In response to the COVID-19 pandemic, courts throughout the United States have restricted access to chambers and postponed in-person proceedings. As the pandemic deepened, Paul Hastings’ litigation practice created a summary of the respective court orders regarding closings, cancellations, and restrictions, which may be found here. These restrictions have created unique time pressures in Hatch-Waxman Act cases because of the need to resolve the case before the end of the automatic stay of FDA approval of the accused generic product. In this alert, we discuss a solution to the problem recently achieved in one of the Paul Hastings life science patent practice cases, which could serve as a model for others.
The Hatch-Waxman Act, also known as the Drug Price Competition and Patent Term Restoration Act of 1984, provides a legal framework for generic drug products to enter the United States market. Under this framework, companies seeking to sell generic versions of FDA-approved drugs can submit an abbreviated new drug application (“ANDA”), which uses information in an innovator’s approved new drug application (“NDA”) to seek FDA approval under section 505(j) of the Federal Food, Drug, and Cosmetic Act. To aid in this endeavor, all approved NDAs are listed in the FDA’s “Approved Drug Products with Therapeutic Equivalence Evaluations” (referred to as the “Orange Book”), along with the patents that cover the drugs that are the subjects of these NDAs. If an ANDA is filed on a drug with unexpired Orange Book-listed patents, the ANDA filer must include a certification regarding whether any such patent is invalid or will not be infringed by the ANDA product. See 21 U.S.C. § 355(j)(2)(A)(vii)(IV). If the ANDA filer includes such a certification (called a “paragraph IV certification”), it must provide written notice to the patent and NDA holder. See id. § 355(j)(2)(B)(iii).
If the patent and NDA holder file a lawsuit within 45 days of receiving such notice, then an automatic 30-month stay of the ANDA’s regulatory approval is triggered under the statute. See id. § 355(j)(5)(B)(iii). To the extent such a paragraph IV certification is filed during the final year of the five-year New Chemical Entity exclusivity, the statutory stay is extended to seven and one-half years from the date of the NDA approval. See id. § 355(j)(5)(F)(ii). During such regulatory stays (either 30 months or 7.5 years), the FDA may not approve the generic’s pending ANDA, which prevents an ANDA filer from launching its generic product “at risk” and potentially subjecting it to damages. These regulatory stays also avoid the need for patent and NDA holders to move for a preliminary injunction, and provide courts the time to consider the parties’ arguments. These regulatory stays are such a critical component of litigations under the Hatch-Waxman Act that many jurisdictions require notice of their expiration at the start of the action. See, e.g., D.N.J. L. Pat. R. 2.1(a)(6). Accordingly, the delay of Hatch-Waxman litigations as a result of the COVID-19 pandemic could result in courts being inundated with emergency preliminary injunction briefings as the regulatory stays expire.
A team of Paul Hastings’ attorneys litigating several Orange Book-listed patents in the District of New Jersey were facing just this scenario. At the beginning of year, the team identified the potential shuttering of court proceedings, including the scheduled May 2020 trial (at that time, less than six months away). The group continued to prepare for trial, but kept a close eye on all COVID-19 developments. The team’s focus at that time was monitoring travel restrictions and safety recommendations since trial was expected to involve clients and witnesses needing to travel from across the globe, including Japan and Europe.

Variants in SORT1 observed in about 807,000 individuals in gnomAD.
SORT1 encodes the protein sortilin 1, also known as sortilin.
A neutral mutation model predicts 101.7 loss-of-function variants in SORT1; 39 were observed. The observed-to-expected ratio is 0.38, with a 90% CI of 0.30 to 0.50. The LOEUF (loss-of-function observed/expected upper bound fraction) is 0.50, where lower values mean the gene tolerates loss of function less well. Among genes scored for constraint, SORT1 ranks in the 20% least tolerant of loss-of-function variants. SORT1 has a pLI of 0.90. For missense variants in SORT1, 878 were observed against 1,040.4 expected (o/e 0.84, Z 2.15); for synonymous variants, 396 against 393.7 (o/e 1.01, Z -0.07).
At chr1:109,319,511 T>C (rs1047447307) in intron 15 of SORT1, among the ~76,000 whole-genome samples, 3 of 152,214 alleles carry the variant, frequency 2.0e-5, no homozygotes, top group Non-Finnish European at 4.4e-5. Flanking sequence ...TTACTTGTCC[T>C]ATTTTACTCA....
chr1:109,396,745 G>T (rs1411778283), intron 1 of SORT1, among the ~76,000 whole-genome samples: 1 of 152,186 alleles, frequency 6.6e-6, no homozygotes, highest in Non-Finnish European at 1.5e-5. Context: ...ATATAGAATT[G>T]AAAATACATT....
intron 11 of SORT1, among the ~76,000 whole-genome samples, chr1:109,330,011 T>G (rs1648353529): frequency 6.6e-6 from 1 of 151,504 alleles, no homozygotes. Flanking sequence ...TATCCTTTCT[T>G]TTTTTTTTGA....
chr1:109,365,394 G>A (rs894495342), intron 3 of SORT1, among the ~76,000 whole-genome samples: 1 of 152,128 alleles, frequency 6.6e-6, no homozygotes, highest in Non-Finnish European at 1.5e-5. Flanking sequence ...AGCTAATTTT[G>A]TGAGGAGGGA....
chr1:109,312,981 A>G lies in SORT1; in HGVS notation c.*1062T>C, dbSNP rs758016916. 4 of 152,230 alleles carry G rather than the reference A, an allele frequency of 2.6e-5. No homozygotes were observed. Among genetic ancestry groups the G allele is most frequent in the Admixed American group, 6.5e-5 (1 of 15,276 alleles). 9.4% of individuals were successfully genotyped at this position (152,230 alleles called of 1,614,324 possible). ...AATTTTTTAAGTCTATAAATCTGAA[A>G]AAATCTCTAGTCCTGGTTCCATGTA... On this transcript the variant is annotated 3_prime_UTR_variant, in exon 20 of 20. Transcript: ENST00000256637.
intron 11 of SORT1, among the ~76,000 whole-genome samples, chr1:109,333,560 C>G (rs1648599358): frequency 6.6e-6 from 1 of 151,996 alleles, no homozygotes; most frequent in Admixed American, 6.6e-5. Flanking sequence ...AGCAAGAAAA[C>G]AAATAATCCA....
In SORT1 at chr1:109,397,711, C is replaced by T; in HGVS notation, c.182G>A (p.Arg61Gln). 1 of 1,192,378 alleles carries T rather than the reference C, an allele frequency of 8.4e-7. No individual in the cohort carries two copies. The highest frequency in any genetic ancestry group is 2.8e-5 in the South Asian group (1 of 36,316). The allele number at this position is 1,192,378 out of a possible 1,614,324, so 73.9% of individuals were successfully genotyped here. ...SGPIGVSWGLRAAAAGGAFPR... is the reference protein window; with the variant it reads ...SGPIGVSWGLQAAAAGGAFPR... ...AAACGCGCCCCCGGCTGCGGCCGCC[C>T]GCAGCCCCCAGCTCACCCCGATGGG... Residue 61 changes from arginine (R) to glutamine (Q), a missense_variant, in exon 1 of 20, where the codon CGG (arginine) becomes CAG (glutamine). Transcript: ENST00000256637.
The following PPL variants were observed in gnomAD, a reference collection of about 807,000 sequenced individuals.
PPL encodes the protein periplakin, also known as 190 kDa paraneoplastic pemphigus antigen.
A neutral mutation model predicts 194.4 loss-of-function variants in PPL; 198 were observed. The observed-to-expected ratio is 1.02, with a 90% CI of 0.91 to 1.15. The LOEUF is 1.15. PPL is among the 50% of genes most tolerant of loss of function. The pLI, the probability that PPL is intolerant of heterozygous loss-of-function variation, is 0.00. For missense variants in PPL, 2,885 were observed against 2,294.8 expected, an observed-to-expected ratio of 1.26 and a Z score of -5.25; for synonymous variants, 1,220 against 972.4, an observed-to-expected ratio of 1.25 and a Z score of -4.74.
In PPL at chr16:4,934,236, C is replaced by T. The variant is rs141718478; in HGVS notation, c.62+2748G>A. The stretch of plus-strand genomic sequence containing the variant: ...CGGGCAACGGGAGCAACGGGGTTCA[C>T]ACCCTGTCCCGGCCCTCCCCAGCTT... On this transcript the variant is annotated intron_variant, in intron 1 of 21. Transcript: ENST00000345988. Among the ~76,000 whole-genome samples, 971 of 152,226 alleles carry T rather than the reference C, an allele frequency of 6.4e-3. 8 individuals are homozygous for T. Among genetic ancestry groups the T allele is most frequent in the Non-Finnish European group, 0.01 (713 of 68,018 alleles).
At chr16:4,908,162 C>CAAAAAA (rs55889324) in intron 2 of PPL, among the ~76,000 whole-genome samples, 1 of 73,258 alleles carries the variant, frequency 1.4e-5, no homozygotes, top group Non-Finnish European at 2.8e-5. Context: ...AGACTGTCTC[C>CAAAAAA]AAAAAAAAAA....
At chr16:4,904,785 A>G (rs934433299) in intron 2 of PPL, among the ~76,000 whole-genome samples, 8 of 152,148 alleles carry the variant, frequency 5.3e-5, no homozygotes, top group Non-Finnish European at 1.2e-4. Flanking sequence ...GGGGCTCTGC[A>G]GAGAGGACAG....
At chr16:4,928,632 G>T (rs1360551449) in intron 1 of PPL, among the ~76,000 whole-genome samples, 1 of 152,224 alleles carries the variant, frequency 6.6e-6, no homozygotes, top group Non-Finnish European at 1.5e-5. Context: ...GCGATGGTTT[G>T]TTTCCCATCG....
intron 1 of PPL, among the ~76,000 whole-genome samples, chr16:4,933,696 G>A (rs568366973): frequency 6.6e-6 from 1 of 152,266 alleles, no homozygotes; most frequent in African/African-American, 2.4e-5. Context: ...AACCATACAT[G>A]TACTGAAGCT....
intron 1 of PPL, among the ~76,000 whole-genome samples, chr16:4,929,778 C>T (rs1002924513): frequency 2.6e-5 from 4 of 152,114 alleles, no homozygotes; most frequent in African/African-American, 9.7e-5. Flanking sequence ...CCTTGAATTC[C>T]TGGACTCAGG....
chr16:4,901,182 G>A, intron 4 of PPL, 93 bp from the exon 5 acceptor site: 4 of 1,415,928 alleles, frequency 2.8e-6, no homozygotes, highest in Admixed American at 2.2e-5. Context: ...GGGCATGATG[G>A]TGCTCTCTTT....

As March approached and the COVID-19 situation worsened, the Paul Hastings’ team reevaluated its strategy relating to the May trial and devised a plan to ensure the safety of its clients and witnesses, as well as alleviate pressure on the court amid the COVID-19 turmoil. The focus shifted to extending the fast-approaching end of the stay of regulatory approval, which was set to expire on September 29, 2020. The Paul Hastings team spearheaded negotiations with opposing counsel to extend the regulatory stay in a way that was agreeable to both parties while providing the court with ample time to hear and decide the matter, which also avoided the need for any preliminary injunction proceeding. During the March 31, 2020 Final Pretrial Conference, the parties conveyed their proposal to the presiding judge, who greatly appreciated their work to resolve the issue before court intervention was required. The parties thereafter formally notified the court of their agreement, which allowed for postponement of the May 2020 trial by extending the regulatory stay for 120 days from the conclusion of the rescheduled trial date, to be set at the court’s convenience. The court signed the order on April 24, 2020, which is available here. Solutions for these types of potential issues are not only critical during this time of quarantine, but may continue to be important for some time after district courts reopen given their need to prioritize criminal cases that have been delayed.
COVID-19 has caused many uncertainties for clients, but proactive thinking from litigators can help limit the unknowns. The actions by the Paul Hastings’ litigation team can serve as a model for other litigants to aid the courts in difficult times and help ease client concerns.